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why $ V= \{\begin{pmatrix} a & b \\ c & d \\ \end{pmatrix}|a,b,c,d \in \Bbb Q\} $ is not a vector space over $\Bbb R$ under usual matrix addition and scalar multiplication. I check all 8 vector space axioms. but I couldn't find why this set is not a vector space.give me a hint.

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    $\begingroup$ It isn't a vector space over R, but it is a vector space over Q, since the entries of the matrix must be rational. $\endgroup$
    – florence
    Jun 1, 2016 at 19:56

2 Answers 2

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The set of $2\times2$ matrices over $\mathbb{Q}$ is not a vector space over $\mathbb{R}$ under any operations.

Indeed, the set is countable; on the other hand, if $V$ is a nontrivial vector space over $\mathbb{R}$ and $v\in V$, $v\ne0$, the map $\alpha\mapsto \alpha v$ is injective, proving that $|V|\ge|\mathbb{R}|$, so $V$ is uncountable.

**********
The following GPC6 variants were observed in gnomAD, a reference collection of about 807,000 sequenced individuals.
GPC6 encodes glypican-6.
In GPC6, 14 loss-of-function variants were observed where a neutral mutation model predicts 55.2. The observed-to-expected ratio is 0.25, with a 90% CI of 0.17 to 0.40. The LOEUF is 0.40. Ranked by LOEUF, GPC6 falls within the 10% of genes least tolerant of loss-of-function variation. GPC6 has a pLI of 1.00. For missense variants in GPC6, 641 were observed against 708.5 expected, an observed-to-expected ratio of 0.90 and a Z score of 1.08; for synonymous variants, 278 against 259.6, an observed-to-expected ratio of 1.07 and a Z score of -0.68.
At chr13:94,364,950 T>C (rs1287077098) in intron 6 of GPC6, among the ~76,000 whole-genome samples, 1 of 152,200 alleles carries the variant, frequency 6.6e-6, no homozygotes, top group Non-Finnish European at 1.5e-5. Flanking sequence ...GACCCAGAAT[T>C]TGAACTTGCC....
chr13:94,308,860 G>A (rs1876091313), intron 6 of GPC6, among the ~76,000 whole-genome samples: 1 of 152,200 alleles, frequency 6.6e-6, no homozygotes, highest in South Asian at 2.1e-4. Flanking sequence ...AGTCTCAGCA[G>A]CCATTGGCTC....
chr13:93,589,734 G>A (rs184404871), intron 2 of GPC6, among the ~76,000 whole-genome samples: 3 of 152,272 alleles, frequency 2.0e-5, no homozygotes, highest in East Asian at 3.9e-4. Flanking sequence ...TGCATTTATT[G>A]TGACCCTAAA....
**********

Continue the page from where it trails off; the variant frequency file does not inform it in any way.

The exercise is ill posed, though: the “usual scalar multiplication” is not defined.

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  • $\begingroup$ can you explain this answer in more detail? how the set $V$ is countable? $\endgroup$ Jun 1, 2016 at 20:14
  • $\begingroup$ @Gune The product of two countable sets is countable; by induction, the product of a finite number of countable sets is countable. $\endgroup$
    – egreg
    Jun 1, 2016 at 20:16
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Hint:

if $A \in V$ and $\alpha$ is an irrational number than $\alpha \cdot A$ is not an element of $V$ because the product of a rational number with an irrational number is irrational. But, by definition, the scalar product must be a function $\cdot : \mathbb{R} \times V \to V$.

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